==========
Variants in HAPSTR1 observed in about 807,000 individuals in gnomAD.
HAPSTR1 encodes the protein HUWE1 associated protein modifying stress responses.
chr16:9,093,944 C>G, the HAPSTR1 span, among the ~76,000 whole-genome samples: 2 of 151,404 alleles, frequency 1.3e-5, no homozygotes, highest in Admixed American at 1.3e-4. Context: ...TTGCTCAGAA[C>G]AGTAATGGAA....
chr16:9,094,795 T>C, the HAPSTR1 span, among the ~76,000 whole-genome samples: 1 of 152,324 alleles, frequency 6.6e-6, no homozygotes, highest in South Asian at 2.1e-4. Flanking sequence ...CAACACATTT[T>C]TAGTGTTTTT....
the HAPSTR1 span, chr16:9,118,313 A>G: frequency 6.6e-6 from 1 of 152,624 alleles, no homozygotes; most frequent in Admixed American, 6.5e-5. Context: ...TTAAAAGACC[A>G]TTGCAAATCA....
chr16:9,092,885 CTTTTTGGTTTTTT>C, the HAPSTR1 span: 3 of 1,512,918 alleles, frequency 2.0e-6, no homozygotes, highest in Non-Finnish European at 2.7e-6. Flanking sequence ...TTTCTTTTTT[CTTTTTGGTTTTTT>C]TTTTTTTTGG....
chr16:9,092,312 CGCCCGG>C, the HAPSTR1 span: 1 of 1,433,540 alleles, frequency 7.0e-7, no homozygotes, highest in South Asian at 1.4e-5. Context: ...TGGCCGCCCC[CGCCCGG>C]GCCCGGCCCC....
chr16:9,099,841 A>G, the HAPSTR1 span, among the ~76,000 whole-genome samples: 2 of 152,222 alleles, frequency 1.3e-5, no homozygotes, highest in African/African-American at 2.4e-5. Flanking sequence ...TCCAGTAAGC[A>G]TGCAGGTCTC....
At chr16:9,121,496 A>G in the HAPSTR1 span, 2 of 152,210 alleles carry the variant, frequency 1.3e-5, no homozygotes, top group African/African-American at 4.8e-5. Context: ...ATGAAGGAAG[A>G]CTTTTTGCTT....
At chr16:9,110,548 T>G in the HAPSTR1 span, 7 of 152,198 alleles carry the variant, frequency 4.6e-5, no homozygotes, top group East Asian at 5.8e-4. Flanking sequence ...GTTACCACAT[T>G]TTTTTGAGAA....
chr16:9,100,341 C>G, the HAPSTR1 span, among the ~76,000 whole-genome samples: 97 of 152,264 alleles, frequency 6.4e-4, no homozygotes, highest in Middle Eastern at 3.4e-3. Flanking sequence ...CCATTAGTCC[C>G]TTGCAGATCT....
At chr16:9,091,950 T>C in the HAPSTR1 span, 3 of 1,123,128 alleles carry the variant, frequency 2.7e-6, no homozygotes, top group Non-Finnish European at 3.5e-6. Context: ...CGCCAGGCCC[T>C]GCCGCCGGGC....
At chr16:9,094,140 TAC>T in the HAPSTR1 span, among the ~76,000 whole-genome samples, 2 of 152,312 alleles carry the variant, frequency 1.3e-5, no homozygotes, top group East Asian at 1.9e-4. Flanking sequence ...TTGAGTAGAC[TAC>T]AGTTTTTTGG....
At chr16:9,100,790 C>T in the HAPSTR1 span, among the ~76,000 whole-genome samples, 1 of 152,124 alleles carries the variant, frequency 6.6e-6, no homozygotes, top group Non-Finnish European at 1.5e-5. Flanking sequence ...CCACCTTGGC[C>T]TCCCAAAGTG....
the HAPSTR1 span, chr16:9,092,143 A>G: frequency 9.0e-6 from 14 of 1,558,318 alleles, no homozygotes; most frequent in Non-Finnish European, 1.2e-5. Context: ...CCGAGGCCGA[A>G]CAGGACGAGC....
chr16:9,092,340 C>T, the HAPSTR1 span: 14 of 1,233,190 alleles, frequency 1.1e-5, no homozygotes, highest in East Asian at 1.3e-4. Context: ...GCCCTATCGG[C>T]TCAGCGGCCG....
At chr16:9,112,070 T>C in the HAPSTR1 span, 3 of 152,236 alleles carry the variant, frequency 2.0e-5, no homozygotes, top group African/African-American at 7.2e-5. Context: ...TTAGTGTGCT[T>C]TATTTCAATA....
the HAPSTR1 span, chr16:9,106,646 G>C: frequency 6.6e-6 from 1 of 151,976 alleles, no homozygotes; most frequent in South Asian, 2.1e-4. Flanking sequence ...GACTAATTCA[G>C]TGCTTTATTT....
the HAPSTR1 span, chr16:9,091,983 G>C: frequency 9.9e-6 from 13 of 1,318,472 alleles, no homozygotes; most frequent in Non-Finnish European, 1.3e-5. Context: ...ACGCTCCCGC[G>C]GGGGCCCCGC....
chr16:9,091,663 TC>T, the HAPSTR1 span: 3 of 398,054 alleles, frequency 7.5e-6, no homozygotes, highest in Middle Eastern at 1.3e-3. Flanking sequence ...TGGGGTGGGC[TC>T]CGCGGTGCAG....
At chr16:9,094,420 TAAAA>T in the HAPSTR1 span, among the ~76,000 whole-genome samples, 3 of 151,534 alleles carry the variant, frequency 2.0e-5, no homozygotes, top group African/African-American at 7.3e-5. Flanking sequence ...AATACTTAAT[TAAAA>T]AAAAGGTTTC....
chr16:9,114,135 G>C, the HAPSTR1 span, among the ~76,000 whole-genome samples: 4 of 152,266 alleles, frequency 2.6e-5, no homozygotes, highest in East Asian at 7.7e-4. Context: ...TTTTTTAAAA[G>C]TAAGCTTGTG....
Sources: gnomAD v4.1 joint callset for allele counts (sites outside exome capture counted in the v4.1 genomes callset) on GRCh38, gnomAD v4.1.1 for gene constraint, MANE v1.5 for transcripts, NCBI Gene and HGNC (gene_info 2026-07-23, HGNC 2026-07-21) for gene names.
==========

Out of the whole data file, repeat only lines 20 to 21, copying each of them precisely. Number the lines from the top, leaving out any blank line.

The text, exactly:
chr16:9,091,663 TC>T, the HAPSTR1 span: 3 of 398,054 alleles, frequency 7.5e-6, no homozygotes, highest in Middle Eastern at 1.3e-3. Flanking sequence ...TGGGGTGGGC[TC>T]CGCGGTGCAG....
At chr16:9,094,420 TAAAA>T in the HAPSTR1 span, among the ~76,000 whole-genome samples, 3 of 151,534 alleles carry the variant, frequency 2.0e-5, no homozygotes, top group African/African-American at 7.3e-5. Flanking sequence ...AATACTTAAT[TAAAA>T]AAAAGGTTTC....